A century and a half ago, Fort Valley’s Freight Depot served as the agricultural gateway for the city’s bustling cotton and peach industries.
Now, after decades of neglect, it’s literally falling apart.
Broken windows behind rusted steel bars, missing planks and overturned plastic furniture in the yard are among the visible signs of neglect.
On Wednesday, the Georgia Trust for Historic Preservation declared the depot as one of its 10 endangered historic sites on the 2018 Places in Peril list. The list, in its 13th year, is meant to raise awareness about Georgia’s important historic, archaeological and cultural resources that are threatened by such things as demolition, neglect or lack of maintenance.
The depot is situated between tracks now used by the Norfolk Southern railway and the Georgia Southern railway. The railroads deeded the building to the Fort Valley Downtown Development Authority under the condition that it be relocated. Otherwise, it will be demolished, according to the Georgia Trust.
The 1871 depot features deep, overhanging eaves, round-arched service doors and carved brackets. Only 10 depots of a similar design remain in Georgia.
Plans to save the depot have been in the works for more than a decade.
In 2006, the Fort Valley Downtown Development Authority received a federal transportation grant to rehabilitate the depot and transform it into a transportation museum.
Authority chairman Bobby Barnes said the $850,000 grant is contingent upon a 20 percent match with local money.
“It has taken us a long time to find funding to get that match,” Barnes said Wednesday. “We have plans to get the building moved to another site.”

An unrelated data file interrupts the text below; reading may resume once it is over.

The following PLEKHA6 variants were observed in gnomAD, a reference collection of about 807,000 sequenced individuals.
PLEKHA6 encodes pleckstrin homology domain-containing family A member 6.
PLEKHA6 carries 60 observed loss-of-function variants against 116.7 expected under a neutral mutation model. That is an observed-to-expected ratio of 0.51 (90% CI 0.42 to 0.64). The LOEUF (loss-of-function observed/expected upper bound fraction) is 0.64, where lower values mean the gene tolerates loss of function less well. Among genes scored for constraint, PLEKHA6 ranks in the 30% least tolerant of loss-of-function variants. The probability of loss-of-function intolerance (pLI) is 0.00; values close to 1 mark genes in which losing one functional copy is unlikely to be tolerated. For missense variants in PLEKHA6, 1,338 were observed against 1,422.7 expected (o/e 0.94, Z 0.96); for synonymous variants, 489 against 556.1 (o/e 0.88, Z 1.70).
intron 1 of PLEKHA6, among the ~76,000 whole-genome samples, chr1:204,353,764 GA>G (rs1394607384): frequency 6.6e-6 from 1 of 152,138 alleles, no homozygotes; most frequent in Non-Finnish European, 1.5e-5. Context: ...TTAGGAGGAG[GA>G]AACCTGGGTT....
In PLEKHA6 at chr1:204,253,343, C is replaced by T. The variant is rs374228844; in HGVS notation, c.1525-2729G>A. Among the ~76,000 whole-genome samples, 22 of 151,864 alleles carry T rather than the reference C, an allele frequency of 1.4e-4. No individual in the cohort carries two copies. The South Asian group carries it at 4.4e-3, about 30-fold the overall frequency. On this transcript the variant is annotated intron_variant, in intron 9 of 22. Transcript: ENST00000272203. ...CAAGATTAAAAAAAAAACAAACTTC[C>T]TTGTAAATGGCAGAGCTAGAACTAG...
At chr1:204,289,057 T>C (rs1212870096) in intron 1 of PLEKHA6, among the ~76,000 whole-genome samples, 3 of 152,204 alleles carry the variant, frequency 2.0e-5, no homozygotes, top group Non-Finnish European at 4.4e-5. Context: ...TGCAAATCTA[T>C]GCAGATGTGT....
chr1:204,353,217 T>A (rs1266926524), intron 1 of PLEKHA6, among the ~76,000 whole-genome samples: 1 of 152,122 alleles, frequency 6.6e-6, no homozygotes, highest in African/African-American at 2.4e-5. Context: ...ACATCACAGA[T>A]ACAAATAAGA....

The latest update for the project, a 2008 cost projection listed on the Georgia Department of Transportation’s website, estimated that rehabilitating the building would cost more than $1 million.
Barnes said it has not yet been decided where the depot will be relocated.
Fort Valley has three turn-of-the-19th century railroad buildings. including the switching station, which is is being leased to an insurance company, and the passenger rail depot, which was partially renovated then sold.
The freight depot’s inclusion on the 2018 Places in Peril list “hopefully will bring a little bit more attention to the property,” Barnes said. “Once you lose a building, it’s gone.”
Other sites on the 2018 list include:
▪ A.J. Gillen Department Store in Oglethorpe County;
▪ Bibb City Elementary School in Muscogee County;
▪ Cuthbert Water Tower in Randolph County;
▪ Fire Station No. 2 in Floyd County;
▪ Foster-Thomason-Miller House in Morgan County;
▪ Kit Jones Vessel constructed on Sapelo Island in McIntosh County;
▪ National Library Bindery Company in Fulton County;
▪ Olmsted Linear Park Properties in DeKalb County;
▪ Underground Savannah in Chatham County.
For more information about places on the list, visit http://www.georgiatrust.org/.